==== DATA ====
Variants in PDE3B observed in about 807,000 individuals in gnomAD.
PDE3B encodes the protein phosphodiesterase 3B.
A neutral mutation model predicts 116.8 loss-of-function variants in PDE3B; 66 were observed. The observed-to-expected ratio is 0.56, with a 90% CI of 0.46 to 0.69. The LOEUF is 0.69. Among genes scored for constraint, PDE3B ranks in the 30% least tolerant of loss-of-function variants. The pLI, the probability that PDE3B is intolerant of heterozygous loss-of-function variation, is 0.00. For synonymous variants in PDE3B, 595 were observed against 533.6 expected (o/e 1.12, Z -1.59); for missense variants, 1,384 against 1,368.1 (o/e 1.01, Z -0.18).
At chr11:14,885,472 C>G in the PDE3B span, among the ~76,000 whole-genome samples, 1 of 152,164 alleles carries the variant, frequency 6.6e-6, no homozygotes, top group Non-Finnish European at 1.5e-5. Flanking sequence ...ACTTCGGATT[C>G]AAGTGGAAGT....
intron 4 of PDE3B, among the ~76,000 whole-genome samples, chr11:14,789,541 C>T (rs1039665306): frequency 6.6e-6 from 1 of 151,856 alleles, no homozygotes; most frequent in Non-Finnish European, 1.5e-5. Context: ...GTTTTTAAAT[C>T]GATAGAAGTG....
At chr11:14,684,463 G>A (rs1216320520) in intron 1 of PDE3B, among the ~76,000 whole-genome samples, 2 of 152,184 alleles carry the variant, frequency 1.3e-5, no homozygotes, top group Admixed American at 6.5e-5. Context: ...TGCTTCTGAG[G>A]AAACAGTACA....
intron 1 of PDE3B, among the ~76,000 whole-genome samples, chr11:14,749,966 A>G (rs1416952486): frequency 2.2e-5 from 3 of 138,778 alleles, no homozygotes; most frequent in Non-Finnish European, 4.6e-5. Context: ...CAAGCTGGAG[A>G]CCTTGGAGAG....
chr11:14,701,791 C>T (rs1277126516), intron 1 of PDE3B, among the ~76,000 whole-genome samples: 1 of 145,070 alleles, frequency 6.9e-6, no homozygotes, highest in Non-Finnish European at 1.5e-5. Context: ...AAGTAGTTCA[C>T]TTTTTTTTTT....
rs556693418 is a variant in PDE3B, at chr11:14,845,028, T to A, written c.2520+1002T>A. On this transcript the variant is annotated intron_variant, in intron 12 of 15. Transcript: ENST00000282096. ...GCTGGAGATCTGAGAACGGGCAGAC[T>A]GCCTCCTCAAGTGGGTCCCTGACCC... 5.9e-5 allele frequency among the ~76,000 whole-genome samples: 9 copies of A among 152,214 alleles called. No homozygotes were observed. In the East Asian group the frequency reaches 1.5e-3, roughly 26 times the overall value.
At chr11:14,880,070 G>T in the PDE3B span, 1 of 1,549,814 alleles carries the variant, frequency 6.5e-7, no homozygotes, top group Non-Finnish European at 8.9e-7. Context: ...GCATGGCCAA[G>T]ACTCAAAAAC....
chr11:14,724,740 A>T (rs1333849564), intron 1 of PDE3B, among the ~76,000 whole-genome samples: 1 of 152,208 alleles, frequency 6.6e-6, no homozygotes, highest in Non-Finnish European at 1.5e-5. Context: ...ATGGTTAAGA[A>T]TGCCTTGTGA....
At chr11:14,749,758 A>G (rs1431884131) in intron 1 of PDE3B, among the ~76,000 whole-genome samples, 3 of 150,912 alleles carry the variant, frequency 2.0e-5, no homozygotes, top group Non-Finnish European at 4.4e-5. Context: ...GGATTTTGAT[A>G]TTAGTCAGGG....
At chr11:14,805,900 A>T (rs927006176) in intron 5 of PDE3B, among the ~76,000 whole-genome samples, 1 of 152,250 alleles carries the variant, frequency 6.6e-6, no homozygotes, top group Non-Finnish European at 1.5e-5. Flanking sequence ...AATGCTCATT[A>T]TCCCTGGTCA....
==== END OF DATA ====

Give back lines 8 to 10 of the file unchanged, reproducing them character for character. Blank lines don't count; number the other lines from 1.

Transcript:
chr11:14,701,791 C>T (rs1277126516), intron 1 of PDE3B, among the ~76,000 whole-genome samples: 1 of 145,070 alleles, frequency 6.9e-6, no homozygotes, highest in Non-Finnish European at 1.5e-5. Context: ...AAGTAGTTCA[C>T]TTTTTTTTTT....
rs556693418 is a variant in PDE3B, at chr11:14,845,028, T to A, written c.2520+1002T>A. On this transcript the variant is annotated intron_variant, in intron 12 of 15. Transcript: ENST00000282096. ...GCTGGAGATCTGAGAACGGGCAGAC[T>A]GCCTCCTCAAGTGGGTCCCTGACCC... 5.9e-5 allele frequency among the ~76,000 whole-genome samples: 9 copies of A among 152,214 alleles called. No homozygotes were observed. In the East Asian group the frequency reaches 1.5e-3, roughly 26 times the overall value.
At chr11:14,880,070 G>T in the PDE3B span, 1 of 1,549,814 alleles carries the variant, frequency 6.5e-7, no homozygotes, top group Non-Finnish European at 8.9e-7. Context: ...GCATGGCCAA[G>T]ACTCAAAAAC....